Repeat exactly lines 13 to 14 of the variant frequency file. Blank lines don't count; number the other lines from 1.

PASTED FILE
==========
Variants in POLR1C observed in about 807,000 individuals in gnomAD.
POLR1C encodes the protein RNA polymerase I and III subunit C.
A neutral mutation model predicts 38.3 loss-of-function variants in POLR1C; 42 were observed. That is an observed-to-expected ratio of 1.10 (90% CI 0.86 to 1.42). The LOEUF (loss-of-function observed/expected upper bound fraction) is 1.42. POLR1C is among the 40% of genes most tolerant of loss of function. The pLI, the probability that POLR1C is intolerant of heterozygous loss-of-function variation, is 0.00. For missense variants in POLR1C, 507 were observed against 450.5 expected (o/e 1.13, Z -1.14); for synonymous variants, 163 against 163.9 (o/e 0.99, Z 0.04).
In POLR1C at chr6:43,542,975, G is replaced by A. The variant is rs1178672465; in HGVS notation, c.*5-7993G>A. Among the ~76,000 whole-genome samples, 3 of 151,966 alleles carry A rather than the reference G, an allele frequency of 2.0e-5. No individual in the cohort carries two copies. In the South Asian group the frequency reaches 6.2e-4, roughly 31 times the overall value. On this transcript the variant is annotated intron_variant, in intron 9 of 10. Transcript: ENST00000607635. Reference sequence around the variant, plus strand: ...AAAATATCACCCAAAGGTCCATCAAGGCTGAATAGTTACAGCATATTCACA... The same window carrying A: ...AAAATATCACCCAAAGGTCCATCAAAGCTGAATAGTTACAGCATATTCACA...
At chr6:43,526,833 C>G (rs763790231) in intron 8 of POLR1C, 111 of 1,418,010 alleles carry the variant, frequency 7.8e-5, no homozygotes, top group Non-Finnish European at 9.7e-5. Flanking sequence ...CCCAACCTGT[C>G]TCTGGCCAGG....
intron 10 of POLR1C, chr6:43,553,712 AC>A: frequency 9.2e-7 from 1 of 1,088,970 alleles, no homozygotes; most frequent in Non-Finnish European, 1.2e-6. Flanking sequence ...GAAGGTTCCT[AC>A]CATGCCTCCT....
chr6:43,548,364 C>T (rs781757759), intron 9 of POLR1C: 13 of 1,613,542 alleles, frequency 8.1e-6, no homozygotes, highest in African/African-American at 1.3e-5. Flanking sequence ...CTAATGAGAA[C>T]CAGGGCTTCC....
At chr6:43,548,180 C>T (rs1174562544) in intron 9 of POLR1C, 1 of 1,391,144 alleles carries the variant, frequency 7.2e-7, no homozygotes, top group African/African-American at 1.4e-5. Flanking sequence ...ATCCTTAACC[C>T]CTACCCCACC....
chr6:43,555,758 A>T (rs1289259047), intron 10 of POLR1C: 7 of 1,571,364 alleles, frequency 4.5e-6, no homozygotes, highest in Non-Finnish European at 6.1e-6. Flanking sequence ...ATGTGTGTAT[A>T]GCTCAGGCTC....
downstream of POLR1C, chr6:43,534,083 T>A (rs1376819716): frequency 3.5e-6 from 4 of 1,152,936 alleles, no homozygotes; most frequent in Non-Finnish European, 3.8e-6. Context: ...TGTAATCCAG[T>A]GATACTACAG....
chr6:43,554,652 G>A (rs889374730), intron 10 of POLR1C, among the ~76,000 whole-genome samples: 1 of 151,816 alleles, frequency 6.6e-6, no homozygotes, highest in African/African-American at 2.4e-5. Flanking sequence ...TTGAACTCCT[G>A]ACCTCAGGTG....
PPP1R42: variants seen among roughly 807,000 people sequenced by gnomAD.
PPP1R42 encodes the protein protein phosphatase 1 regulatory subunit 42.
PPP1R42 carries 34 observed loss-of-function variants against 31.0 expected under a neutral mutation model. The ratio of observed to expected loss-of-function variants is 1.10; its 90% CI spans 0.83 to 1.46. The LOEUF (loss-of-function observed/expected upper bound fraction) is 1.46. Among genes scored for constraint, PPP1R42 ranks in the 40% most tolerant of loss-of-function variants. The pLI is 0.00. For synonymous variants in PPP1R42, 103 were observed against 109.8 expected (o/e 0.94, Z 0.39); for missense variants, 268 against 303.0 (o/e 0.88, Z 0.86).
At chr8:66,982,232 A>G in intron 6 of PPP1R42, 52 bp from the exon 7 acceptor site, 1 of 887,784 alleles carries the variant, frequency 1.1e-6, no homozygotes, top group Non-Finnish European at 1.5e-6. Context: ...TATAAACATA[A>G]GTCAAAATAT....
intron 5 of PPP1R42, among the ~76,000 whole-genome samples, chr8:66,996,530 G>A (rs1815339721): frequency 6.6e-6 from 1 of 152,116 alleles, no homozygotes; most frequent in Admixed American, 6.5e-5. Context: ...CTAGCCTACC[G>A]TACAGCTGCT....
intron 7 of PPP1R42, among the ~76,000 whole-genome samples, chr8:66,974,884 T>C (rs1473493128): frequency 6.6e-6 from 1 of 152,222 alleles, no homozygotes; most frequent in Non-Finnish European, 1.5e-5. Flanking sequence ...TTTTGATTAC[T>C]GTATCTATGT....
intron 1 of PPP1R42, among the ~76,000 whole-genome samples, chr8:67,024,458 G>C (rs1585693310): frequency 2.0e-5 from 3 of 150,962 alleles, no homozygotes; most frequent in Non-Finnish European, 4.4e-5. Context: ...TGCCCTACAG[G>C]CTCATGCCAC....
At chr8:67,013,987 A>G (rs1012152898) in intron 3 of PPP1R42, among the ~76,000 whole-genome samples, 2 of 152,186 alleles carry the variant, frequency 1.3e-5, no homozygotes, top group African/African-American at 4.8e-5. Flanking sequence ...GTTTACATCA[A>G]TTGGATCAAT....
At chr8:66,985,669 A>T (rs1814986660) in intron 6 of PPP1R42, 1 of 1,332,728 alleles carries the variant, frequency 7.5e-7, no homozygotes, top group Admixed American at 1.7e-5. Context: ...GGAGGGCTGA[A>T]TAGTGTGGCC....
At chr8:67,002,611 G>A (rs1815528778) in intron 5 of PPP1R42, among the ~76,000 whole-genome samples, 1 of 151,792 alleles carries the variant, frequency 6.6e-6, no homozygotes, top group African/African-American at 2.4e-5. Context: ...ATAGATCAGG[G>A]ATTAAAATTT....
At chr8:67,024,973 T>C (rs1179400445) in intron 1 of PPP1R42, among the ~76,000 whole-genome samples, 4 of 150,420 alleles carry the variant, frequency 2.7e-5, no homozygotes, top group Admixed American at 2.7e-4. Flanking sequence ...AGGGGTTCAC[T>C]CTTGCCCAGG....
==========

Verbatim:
PPP1R42 encodes the protein protein phosphatase 1 regulatory subunit 42.
PPP1R42 carries 34 observed loss-of-function variants against 31.0 expected under a neutral mutation model. The ratio of observed to expected loss-of-function variants is 1.10; its 90% CI spans 0.83 to 1.46. The LOEUF (loss-of-function observed/expected upper bound fraction) is 1.46. Among genes scored for constraint, PPP1R42 ranks in the 40% most tolerant of loss-of-function variants. The pLI is 0.00. For synonymous variants in PPP1R42, 103 were observed against 109.8 expected (o/e 0.94, Z 0.39); for missense variants, 268 against 303.0 (o/e 0.88, Z 0.86).